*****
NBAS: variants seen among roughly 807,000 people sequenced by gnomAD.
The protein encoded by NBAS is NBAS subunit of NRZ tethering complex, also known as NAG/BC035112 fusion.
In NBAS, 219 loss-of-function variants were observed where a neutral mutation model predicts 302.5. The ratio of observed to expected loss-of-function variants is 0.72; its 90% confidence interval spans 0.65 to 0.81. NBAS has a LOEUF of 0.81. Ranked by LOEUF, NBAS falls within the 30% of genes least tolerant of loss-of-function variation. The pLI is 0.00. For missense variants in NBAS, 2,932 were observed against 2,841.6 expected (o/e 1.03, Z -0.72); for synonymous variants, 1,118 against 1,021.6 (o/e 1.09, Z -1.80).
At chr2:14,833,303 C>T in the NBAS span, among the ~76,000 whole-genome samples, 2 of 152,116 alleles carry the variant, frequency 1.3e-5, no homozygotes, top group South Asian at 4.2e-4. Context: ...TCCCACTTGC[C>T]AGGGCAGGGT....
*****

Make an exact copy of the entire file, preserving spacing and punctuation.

NBAS: variants seen among roughly 807,000 people sequenced by gnomAD.
The protein encoded by NBAS is NBAS subunit of NRZ tethering complex, also known as NAG/BC035112 fusion.
In NBAS, 219 loss-of-function variants were observed where a neutral mutation model predicts 302.5. The ratio of observed to expected loss-of-function variants is 0.72; its 90% confidence interval spans 0.65 to 0.81. NBAS has a LOEUF of 0.81. Ranked by LOEUF, NBAS falls within the 30% of genes least tolerant of loss-of-function variation. The pLI is 0.00. For missense variants in NBAS, 2,932 were observed against 2,841.6 expected (o/e 1.03, Z -0.72); for synonymous variants, 1,118 against 1,021.6 (o/e 1.09, Z -1.80).
At chr2:14,833,303 C>T in the NBAS span, among the ~76,000 whole-genome samples, 2 of 152,116 alleles carry the variant, frequency 1.3e-5, no homozygotes, top group South Asian at 4.2e-4. Context: ...TCCCACTTGC[C>T]AGGGCAGGGT....